But Becky lives. She gets sober. She embraces motherhood and plays a reunion show with her friends and former nemeses. Perversely, this happy ending is what allows Her Smell to be a supremely challenging viewing experience. Perry has nearly inverted the Jackson Maine plotline in A Star Is Born into something that’s uglier but more hopeful, and maybe even more helpful. Becky’s worst moments are revolting, unromantic, and seemingly unforgivable. But she’s redeemed.
Most of the movie unfolds with nausea-inducing camerawork in the crusty bowels of venues and a hall-of-mirrors-like recording studio. Becky flutters around rooms, leaving behind corkscrew trails of confrontations in the form of compliments and petting or insults and violence. You can tell she has been a master manipulator, but no one around her appears susceptible to her charms by the time the film begins. They’re just trying to hang on. Becky’s band, Something She, has begun to lose its ability to draw a crowd because Becky has canceled so many concerts. One bandmate, Ali (Gayle Rankin), reports that the singer fired her twice on this tour and woke up with no memory of doing so.
The movie’s two hours are essentially made up of five jumbo scenes: three of Becky in a frenzy, two of her in recovery. The long-take format relies a lot on Moss, and she delivers with a 52-card-pickup blast of a performance. Becky gasps, screams, and bites, but the most chilling moments aren’t in her meltdowns. They’re in her faux-intimate, super-sarcastic whispers. They’re in the way she jerks from one persona to another, Linda Blair–like. Whatever forces are controlling her—meth or mania or both (drug use is mostly left off-camera)—can amp her into a near-Shakespearean register. “Silly me, I lost a drummer on the way to grandmother’s house,” she says seductively to a band of younger women who showed up to the studio that Becky had refused to vacate. “I thought we’d have to scrap paper and go home. And what should happen instead? Three witches come to my rescue!”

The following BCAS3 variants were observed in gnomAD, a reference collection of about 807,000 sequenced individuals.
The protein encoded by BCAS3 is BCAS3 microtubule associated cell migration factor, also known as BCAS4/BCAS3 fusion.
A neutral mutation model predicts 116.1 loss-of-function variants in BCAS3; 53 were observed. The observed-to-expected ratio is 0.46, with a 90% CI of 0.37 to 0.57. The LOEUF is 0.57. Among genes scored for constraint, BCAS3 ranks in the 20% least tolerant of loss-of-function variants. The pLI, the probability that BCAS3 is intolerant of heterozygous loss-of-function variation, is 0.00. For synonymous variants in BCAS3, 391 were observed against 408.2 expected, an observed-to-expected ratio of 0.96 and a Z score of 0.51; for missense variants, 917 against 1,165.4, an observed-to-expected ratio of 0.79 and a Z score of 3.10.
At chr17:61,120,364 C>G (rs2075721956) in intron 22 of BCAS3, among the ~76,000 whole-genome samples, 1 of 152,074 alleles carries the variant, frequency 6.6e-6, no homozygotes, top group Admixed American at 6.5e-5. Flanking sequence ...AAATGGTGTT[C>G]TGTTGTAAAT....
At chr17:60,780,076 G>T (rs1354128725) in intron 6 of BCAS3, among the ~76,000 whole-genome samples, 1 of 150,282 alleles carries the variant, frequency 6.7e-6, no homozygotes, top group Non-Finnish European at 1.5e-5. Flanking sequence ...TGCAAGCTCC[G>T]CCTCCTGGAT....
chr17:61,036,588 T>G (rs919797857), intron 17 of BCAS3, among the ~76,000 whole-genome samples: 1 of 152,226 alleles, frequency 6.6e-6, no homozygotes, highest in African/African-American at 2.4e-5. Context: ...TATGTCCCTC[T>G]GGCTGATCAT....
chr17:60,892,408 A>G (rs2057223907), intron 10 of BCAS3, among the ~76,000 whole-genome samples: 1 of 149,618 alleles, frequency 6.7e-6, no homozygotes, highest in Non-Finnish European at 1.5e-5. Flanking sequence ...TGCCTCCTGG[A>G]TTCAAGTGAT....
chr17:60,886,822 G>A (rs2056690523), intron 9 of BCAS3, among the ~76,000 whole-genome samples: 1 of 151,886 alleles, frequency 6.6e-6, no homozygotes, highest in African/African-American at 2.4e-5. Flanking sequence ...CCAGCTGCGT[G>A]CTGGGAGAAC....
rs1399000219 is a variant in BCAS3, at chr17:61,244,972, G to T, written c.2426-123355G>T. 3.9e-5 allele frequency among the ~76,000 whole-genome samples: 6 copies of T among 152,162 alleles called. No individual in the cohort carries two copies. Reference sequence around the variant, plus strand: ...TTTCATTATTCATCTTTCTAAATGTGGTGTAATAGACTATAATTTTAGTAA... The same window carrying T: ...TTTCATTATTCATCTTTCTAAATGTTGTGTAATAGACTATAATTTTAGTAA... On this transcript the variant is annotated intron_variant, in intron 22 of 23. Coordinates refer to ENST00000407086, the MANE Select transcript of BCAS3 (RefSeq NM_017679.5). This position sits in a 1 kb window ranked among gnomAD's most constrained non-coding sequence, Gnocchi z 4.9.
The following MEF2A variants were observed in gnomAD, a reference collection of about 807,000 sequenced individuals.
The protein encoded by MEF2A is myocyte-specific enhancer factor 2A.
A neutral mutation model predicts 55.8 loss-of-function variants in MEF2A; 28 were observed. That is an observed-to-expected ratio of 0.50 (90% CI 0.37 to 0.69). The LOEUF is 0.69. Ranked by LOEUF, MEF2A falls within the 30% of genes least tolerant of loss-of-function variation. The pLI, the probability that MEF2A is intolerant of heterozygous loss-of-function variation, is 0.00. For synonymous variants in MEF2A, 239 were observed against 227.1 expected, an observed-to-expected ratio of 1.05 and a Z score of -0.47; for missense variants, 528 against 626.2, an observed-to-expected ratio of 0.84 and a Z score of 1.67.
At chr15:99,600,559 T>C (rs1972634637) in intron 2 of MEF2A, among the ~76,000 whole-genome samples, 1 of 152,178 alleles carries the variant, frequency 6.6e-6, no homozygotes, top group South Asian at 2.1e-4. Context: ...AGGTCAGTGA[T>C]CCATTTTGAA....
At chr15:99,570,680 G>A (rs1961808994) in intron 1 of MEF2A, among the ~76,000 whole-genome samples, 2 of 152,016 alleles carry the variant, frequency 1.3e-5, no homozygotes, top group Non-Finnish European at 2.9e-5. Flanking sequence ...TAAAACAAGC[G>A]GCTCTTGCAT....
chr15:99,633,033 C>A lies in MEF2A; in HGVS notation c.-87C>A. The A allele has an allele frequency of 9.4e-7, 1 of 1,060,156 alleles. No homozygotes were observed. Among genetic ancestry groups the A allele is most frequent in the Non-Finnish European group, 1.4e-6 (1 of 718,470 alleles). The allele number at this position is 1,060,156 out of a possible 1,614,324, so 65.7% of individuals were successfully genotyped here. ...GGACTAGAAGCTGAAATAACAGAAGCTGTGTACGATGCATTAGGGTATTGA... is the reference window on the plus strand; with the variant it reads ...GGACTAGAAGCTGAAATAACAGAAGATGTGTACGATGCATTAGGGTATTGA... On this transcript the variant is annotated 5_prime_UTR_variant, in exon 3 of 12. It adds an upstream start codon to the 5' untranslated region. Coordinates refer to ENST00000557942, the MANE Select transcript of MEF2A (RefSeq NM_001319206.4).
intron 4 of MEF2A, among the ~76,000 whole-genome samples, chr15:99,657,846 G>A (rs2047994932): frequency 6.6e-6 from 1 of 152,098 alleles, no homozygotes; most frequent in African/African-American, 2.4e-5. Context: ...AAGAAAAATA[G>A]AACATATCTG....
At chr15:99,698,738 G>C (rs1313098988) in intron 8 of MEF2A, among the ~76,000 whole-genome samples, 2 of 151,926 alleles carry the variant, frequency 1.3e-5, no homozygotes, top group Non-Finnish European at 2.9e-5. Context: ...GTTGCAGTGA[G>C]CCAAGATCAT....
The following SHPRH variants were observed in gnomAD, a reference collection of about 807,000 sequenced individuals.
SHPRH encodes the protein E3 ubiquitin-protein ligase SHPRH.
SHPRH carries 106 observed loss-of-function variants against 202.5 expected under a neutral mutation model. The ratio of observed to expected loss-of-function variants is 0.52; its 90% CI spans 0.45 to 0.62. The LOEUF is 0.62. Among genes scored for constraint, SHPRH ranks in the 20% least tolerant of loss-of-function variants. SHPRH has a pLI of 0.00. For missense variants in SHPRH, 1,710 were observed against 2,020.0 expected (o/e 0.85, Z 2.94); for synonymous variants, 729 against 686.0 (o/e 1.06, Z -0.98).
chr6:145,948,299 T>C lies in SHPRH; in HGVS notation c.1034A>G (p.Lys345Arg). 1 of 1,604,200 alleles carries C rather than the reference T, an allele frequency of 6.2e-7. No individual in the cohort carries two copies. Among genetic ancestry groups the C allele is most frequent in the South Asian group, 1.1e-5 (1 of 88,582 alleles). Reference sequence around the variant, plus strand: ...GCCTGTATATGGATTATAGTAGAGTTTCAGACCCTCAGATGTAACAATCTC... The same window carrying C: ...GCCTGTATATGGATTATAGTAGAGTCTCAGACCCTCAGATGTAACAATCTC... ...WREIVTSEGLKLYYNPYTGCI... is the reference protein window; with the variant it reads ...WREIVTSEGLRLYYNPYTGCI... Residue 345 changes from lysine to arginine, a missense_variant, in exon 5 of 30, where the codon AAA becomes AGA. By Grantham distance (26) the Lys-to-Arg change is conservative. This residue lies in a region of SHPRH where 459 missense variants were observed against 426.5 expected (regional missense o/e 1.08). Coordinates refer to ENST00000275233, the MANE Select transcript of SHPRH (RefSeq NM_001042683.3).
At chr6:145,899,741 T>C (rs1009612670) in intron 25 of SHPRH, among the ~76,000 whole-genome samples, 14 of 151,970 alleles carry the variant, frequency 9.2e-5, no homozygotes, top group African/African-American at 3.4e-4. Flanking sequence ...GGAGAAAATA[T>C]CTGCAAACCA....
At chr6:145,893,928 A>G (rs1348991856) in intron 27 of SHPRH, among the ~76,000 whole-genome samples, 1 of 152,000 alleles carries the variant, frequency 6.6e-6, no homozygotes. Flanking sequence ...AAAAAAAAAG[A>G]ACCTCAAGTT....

The other characters do not speak with such verve; rather, they’re mostly commiserating about Becky’s awfulness. Or else they’re trying and failing to shame her into acting right. This dynamic makes for one of the movie’s many aesthetic and moral asymmetries. Most of the characters are like people trying to nag a hurricane down to a tropical storm, and it’s as frustrating to watch as that sounds. But Perry deserves credit for caring about the folks in Becky’s orbit; her entropy is almost less the point than its damage. The lawsuits that pile up against her reflect genuine grievances, whether from the manager who’s nearly bankrupted by her antics or from the ex who’s been left to raise their daughter alone.
When rock bottom comes, it’s gnarly, and it’s performative: She’s filmed by a documentary crew, and her final fugue ends with her onstage. She’s being encouraged to act this way, or at least she’s using the audience to justify her behavior. Recovery comes far from the rock environs, in a calm and orderly country home, and Becky tells visitors that her monstrousness was intrinsic to her ability to perform. But what really pulls her into lucidity is the simple, humane epiphany that other people matter. Her daughter reenters the picture. At the comeback concert, she tells the crowd, “It took me a lifetime to realize that without people like these women up here beside me, nobody is nothing.”